Motivation and productivity go hand in hand. When workers are not engaged, or actively disengaged, they tend to make bad decisions from the standpoint of the business. They don’t see innovation as important or valuable because it means doing things in a new way, which does not align with their priorities. Or they simply are not inspired because they don’t see the larger picture. Articulating a clear purpose and creating a culture that support and rewards innovation will engage stakeholders meaningfully in the process.

Blocker # 3: Disempowered Decision-Makers

Even if workers are engaged and want to help the company move in a new direction, there is often no methodology present in the business to give these workers the freedom to conducted experiments based on working hypotheses and access the data that would support their decisions. They simply don’t have the tools to important decisions like these without several layers of approval. In an agile, rapidly changing world, the window of opportunity may be closed long before the decision works its way through the chain of command. For these companies, there is no possibility of working on Second Horizon innovations where there are a great deal of unknowns that require solid battery of testing. These workers can only pursue small improvements, which are too little, too late to keep up with competition in a turbulent market.

Amplifier #1: Rapid Speed to Market

On the positive side, successful innovation teams frequently find that they have a secret weapon hidden away in another part of the organization. Some departments or groups in the organization may be highly skilled and experienced at moving products to market with minimal delay. It might not be obvious at first, so it takes internal investigative work to find these amplifiers scattered across different sectors. Once you find them, however, you still need to engage them to align with the mission and goals of the implementation team.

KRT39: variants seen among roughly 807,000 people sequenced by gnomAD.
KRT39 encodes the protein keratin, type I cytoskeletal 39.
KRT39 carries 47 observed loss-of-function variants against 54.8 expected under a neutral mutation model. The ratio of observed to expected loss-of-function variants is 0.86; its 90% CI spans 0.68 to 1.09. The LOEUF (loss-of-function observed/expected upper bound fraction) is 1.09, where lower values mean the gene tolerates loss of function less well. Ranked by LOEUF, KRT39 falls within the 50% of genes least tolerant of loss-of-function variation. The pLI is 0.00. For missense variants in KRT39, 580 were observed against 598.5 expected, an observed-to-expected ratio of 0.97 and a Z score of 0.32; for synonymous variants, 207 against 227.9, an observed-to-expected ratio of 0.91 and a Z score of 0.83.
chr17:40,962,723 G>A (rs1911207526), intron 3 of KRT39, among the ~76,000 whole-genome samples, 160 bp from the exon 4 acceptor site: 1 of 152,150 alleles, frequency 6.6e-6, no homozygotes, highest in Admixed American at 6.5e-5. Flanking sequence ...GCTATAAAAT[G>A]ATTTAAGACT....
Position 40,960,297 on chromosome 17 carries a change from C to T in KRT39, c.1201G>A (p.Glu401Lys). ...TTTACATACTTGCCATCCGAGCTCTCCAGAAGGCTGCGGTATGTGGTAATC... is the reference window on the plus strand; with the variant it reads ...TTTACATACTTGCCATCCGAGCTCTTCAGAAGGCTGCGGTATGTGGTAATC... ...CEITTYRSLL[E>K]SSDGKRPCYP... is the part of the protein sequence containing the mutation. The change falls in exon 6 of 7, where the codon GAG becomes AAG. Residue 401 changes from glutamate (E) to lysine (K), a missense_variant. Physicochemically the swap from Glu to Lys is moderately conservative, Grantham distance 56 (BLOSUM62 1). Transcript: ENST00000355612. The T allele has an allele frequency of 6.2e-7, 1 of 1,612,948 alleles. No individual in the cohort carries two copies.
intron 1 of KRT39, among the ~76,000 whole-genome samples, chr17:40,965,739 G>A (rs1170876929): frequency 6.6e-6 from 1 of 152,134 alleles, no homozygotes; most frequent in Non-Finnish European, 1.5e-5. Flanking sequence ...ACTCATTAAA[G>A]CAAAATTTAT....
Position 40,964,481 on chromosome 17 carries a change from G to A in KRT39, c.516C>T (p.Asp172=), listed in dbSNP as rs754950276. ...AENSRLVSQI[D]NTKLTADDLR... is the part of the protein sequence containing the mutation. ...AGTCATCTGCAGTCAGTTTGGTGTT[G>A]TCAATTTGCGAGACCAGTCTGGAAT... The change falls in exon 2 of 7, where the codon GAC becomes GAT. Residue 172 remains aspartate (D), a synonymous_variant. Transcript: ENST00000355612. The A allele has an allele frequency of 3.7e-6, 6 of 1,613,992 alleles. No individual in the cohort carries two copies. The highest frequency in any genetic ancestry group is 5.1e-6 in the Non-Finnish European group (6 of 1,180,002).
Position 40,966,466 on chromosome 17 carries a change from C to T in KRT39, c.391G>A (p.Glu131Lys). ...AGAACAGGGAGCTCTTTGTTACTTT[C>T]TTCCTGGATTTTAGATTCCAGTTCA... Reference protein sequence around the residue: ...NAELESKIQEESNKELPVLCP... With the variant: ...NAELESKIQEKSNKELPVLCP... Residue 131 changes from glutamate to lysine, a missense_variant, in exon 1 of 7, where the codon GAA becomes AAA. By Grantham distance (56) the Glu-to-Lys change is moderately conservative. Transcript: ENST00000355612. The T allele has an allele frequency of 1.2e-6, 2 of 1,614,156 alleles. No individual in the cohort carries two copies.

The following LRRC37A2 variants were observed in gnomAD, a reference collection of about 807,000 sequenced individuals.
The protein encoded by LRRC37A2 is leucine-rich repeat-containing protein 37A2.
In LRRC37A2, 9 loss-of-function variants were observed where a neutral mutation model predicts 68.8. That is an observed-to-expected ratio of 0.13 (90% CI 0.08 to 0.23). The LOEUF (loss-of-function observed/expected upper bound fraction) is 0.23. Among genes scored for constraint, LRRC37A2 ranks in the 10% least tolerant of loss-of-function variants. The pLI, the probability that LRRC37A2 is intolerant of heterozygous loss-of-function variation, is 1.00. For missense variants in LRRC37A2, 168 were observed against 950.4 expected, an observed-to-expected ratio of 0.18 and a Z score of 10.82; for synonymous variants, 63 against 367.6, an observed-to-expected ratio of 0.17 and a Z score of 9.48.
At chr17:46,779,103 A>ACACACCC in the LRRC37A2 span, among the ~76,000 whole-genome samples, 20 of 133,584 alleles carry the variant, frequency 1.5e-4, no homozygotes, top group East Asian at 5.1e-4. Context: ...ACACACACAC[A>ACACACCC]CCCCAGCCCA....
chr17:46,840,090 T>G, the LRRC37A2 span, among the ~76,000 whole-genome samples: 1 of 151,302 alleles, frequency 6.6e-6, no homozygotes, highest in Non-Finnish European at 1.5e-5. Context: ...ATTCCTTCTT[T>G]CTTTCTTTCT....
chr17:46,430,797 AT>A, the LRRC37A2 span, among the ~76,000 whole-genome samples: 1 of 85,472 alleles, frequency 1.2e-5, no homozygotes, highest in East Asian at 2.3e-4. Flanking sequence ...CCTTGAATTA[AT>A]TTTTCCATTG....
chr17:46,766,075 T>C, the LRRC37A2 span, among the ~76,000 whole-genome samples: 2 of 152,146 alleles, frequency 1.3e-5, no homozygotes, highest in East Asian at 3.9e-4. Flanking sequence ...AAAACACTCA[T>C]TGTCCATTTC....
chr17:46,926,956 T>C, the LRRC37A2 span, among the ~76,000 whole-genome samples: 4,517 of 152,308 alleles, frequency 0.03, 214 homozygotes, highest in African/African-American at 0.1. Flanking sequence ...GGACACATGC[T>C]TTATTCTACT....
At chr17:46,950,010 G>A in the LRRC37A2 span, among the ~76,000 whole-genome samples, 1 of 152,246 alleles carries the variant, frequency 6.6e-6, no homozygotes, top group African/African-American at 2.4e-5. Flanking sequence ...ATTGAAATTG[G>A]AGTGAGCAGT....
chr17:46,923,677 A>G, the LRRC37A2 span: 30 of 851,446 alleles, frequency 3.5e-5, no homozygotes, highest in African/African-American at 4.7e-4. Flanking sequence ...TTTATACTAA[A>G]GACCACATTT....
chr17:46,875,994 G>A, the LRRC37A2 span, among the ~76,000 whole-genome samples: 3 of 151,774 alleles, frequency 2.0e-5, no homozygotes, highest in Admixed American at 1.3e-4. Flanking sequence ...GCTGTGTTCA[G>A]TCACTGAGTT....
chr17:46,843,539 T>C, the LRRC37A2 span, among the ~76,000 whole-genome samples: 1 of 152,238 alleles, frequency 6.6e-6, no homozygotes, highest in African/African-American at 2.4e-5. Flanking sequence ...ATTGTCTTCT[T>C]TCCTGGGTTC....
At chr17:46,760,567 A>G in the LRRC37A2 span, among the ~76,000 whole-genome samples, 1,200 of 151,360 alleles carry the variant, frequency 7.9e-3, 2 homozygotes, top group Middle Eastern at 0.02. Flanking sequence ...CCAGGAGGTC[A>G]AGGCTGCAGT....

Amplifier #2: A/B Testing Experts

Another essential component of the innovation process is the option testing and validation process. Fortunately, marketing teams have often highly skilled at the practical application of A/B testing tools and technologies. They will be your best allies in the commercialization of the innovation, so involve them as early as possible in the process.

Hitting the Right Note

Successful innovators do a few things very well. They are able to design an innovation project in line with top level strategic goals. They reach out to build consensus across silos. They inspire and motivate teams with vivid visions of how the innovation will impact lives. They work to empower the implementation team so they take ownership and responsibility for the success of the project. Most of all they stay dedicated to the cause no matter how many blockers they need to go around. When they do, they find pockets of talent and skill inside the organization that can help them amplify their messages and connect more closely with customers. Sweet spots in any market are fluid, moving in response to customer demand, competitive pressure and large-scale industry drivers. Successful innovators learn to move along with the sweet spot, adapting their way along riding waves of innovation to a long-lasting market advantage.